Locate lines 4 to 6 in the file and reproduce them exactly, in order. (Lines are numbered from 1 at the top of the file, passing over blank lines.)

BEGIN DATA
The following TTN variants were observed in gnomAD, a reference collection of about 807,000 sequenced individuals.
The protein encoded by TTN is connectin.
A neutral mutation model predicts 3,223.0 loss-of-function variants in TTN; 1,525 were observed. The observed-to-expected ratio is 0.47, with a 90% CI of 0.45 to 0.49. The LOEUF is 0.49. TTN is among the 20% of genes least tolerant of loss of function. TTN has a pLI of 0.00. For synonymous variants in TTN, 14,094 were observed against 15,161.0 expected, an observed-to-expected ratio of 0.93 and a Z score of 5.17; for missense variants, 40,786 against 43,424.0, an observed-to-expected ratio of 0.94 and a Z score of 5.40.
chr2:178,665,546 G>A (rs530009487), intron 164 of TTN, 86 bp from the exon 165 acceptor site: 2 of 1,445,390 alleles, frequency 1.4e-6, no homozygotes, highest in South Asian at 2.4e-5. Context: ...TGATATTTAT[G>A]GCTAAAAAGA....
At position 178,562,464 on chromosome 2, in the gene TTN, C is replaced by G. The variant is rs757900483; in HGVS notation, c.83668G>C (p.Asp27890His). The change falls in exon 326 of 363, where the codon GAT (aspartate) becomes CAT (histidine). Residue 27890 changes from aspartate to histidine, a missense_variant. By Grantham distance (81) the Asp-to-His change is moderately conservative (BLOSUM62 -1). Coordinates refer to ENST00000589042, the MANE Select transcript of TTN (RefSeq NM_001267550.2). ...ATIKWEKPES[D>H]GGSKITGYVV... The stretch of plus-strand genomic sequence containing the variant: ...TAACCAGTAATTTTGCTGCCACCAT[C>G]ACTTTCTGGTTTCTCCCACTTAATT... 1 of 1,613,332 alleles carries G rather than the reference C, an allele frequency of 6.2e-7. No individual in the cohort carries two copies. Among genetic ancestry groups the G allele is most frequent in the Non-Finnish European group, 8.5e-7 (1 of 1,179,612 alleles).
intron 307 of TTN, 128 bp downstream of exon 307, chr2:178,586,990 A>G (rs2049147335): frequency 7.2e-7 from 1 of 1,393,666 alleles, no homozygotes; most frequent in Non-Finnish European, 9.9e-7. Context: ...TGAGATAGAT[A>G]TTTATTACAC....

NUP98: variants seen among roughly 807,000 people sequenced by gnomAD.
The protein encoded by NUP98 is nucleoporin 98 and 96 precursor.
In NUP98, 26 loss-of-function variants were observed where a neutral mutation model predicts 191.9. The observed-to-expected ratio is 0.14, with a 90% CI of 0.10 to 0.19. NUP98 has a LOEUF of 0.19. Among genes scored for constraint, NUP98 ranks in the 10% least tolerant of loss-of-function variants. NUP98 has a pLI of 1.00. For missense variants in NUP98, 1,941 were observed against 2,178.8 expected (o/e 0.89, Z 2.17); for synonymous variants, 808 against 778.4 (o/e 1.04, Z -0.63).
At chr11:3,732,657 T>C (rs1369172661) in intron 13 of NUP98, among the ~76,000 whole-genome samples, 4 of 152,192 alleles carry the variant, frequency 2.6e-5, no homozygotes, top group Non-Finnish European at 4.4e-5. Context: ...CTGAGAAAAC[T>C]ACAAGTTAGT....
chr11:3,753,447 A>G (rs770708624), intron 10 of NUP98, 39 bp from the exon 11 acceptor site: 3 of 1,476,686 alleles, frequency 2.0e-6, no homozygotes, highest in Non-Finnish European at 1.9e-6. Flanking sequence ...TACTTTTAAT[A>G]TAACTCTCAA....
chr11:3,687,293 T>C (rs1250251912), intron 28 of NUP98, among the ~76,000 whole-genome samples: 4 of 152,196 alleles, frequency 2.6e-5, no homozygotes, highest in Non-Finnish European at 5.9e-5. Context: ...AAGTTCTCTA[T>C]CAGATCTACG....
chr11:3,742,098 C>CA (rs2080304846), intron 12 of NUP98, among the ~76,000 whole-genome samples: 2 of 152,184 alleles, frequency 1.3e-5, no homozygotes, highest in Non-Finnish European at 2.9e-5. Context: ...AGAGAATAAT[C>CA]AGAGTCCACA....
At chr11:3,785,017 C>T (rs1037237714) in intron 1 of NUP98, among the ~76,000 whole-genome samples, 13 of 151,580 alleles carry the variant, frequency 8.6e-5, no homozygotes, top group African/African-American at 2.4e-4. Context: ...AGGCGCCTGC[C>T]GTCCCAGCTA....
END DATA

chr2:178,665,546 G>A (rs530009487), intron 164 of TTN, 86 bp from the exon 165 acceptor site: 2 of 1,445,390 alleles, frequency 1.4e-6, no homozygotes, highest in South Asian at 2.4e-5. Context: ...TGATATTTAT[G>A]GCTAAAAAGA....
At position 178,562,464 on chromosome 2, in the gene TTN, C is replaced by G. The variant is rs757900483; in HGVS notation, c.83668G>C (p.Asp27890His). The change falls in exon 326 of 363, where the codon GAT (aspartate) becomes CAT (histidine). Residue 27890 changes from aspartate to histidine, a missense_variant. By Grantham distance (81) the Asp-to-His change is moderately conservative (BLOSUM62 -1). Coordinates refer to ENST00000589042, the MANE Select transcript of TTN (RefSeq NM_001267550.2). ...ATIKWEKPES[D>H]GGSKITGYVV... The stretch of plus-strand genomic sequence containing the variant: ...TAACCAGTAATTTTGCTGCCACCAT[C>G]ACTTTCTGGTTTCTCCCACTTAATT... 1 of 1,613,332 alleles carries G rather than the reference C, an allele frequency of 6.2e-7. No individual in the cohort carries two copies. Among genetic ancestry groups the G allele is most frequent in the Non-Finnish European group, 8.5e-7 (1 of 1,179,612 alleles).
intron 307 of TTN, 128 bp downstream of exon 307, chr2:178,586,990 A>G (rs2049147335): frequency 7.2e-7 from 1 of 1,393,666 alleles, no homozygotes; most frequent in Non-Finnish European, 9.9e-7. Context: ...TGAGATAGAT[A>G]TTTATTACAC....